Watch Video
Back to Podcasts
March 17, 2021

Buildings Need Reason and Purpose | Aaron Lapsley

Healthy Air Episode #7
Aaron Lapsley
System2 Consulting

Guest Bio

Aaron works with designers, developers, owners, and operators of real estate to make the most out of technologies in and around their facilities. He helps them improve facility user experience, occupant health and safety, and building performance using data and digital solutions.

He is the Principal and Founder of System2 Consulting and worked previously as the Head of Digital Buildings Practice, Global Technology & Data Solutions at Cushman & Wakefield. His career includes work at Switch Automation, GPG Advisors, and Deloitte.

He holds an MBA from Harvard Business School and a BS in Mechanical Engineering from the University of Oklahoma.

Aaron’s company, System2 Consulting:

Aaron’s LinkedIn Profile:


In this episode, Aaron Lapsley talks about how the role of buildings is changing – the purpose they serve, the way that both owners and occupants view them, and what this means for the built environment industry as a whole.

Keeping air safe has never been more important. Now that we are in the next normal, it is critical that the air we breathe in shared indoor spaces is healthy and safe for continued occupancy. Are we ready to face this challenge and mitigate airborne exposure risk indoors? Welcome to Healthy Air, a podcast that talks about the future of buildings and how to keep air safe and healthy. Keep up with the latest industry trends, latest technologies, and regulatory changes with your host, Erik Malmstrom, industry experts, and the SafeTraces team here on Healthy Air.


No items found.


“You can’t sustainably run a large commercial building without having a management team that is sustainability-focused and data-enabled.”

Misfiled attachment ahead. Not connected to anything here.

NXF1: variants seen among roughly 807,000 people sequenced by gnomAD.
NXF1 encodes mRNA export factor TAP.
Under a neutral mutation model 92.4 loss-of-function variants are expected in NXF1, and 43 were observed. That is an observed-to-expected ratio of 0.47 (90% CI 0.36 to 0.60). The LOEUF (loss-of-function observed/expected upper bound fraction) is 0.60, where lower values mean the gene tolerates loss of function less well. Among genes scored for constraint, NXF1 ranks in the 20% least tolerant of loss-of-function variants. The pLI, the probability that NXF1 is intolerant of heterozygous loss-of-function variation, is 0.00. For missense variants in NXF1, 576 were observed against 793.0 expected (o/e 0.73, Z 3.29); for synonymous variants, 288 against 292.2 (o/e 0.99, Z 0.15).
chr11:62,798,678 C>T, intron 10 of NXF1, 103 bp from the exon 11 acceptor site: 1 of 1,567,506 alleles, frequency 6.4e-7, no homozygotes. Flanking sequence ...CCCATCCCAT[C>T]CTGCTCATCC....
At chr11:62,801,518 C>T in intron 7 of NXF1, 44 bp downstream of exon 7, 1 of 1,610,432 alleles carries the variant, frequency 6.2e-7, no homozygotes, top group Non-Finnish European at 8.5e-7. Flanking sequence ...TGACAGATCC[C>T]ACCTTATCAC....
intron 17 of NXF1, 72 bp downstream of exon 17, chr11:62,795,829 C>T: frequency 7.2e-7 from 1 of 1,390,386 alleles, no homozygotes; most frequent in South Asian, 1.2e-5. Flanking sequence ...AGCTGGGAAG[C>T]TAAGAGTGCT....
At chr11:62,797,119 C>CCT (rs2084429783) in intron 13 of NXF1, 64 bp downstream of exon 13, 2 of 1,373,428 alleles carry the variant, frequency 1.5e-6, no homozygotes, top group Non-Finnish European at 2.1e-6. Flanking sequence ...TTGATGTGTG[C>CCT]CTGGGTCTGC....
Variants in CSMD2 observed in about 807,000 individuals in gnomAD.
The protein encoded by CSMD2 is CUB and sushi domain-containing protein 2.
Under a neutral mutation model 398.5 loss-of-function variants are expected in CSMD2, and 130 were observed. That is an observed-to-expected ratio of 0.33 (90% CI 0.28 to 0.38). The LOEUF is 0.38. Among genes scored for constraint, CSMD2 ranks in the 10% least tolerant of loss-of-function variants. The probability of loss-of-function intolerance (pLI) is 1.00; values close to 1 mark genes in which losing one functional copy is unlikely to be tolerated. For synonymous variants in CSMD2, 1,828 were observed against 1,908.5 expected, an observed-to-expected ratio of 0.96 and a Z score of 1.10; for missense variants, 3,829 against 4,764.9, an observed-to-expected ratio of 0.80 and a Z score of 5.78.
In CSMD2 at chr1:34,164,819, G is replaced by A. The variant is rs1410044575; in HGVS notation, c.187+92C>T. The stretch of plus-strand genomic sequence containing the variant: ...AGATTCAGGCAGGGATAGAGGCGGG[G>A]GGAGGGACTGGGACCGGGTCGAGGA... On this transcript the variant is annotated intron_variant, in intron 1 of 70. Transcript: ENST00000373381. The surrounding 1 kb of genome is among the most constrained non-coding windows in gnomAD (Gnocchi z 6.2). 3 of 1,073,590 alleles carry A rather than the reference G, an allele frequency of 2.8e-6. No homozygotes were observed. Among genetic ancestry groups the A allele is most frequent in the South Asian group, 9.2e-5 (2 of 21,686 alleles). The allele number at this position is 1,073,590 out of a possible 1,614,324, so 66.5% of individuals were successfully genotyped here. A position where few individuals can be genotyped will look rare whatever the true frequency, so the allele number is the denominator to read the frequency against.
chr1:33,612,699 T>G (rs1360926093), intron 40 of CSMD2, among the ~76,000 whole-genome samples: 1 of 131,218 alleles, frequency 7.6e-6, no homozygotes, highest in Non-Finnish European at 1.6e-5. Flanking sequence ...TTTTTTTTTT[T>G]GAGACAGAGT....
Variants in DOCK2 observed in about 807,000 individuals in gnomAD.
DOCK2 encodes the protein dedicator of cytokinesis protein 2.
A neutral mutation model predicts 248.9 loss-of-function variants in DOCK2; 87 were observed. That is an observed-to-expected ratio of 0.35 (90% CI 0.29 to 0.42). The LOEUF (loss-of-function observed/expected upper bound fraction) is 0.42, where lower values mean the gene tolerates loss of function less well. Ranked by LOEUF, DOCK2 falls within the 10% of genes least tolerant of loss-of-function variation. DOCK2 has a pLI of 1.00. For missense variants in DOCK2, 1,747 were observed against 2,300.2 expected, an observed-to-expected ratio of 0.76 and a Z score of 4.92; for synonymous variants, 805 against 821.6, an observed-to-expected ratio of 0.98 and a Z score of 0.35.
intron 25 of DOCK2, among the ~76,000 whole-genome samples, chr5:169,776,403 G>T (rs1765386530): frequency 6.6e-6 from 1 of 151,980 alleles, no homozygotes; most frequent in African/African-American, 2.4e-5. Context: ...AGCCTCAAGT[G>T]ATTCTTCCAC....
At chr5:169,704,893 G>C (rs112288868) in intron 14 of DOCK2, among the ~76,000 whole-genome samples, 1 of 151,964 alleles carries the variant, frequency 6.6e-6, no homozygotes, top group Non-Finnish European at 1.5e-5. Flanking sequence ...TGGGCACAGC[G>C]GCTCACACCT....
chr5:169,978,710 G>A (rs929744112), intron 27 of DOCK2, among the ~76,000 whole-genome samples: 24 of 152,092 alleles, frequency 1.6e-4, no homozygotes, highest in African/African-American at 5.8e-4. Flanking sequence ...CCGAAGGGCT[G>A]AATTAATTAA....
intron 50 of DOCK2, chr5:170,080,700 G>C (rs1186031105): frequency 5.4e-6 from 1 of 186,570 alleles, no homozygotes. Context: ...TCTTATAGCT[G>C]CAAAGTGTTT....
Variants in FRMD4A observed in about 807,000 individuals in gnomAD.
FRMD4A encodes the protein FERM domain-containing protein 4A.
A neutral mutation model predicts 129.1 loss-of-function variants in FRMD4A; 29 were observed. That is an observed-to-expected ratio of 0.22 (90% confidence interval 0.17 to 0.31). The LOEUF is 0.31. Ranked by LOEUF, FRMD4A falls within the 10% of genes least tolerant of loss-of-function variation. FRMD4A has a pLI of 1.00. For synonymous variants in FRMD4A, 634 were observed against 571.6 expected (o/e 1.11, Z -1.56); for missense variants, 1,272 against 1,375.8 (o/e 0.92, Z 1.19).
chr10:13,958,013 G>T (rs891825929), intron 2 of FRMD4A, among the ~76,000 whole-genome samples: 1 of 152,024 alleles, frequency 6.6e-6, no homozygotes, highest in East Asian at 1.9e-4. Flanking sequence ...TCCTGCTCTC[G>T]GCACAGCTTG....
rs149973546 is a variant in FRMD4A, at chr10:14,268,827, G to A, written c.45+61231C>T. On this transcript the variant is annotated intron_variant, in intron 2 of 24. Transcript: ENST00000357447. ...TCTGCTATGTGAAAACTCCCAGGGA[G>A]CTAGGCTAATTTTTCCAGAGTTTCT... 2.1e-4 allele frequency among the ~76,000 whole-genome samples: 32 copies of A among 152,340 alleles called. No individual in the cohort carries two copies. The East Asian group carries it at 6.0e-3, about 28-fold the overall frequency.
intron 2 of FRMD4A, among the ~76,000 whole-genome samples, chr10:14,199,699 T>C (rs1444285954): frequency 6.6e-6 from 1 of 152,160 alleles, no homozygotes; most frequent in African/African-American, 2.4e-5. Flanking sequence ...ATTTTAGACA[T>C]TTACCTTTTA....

“I think the pandemic has made the invisible a bit more visible for people that have been paying attention.”

“Buildings need to work with reason and purpose. Most of the services within a building are technology-enabled in some capacity and affect technology in a serious way.”

“Many buildings aren’t helping the people that enter, whether it’s a bad user experience, making them sick or unhealthy, or not being optimally set up to prevent disease transmission.”

“The world is starting to move towards paying attention to real estate, particularly office buildings as a product.”

“One of the challenges with LEED is it’s just so disconnected from what actually happens in the real world.”

“I have a home monitor and look at it constantly. It’s so interesting to see you indoor air quality data and understand the effect your toaster has on your particulate matter.”

“You have to think through what the building needs to do and how it needs to actually function and operate in a better way. Start with the things people are annoyed with.”

“It’s more than how the building looks or what the cash flow statement is for the building. It’s about how the building actually functions and provides services for people.”

“A focus on sustainability, operational efficiency, health, wellness, and safety creates a better user experience that drives people to be excited about the built environment.”


No items found.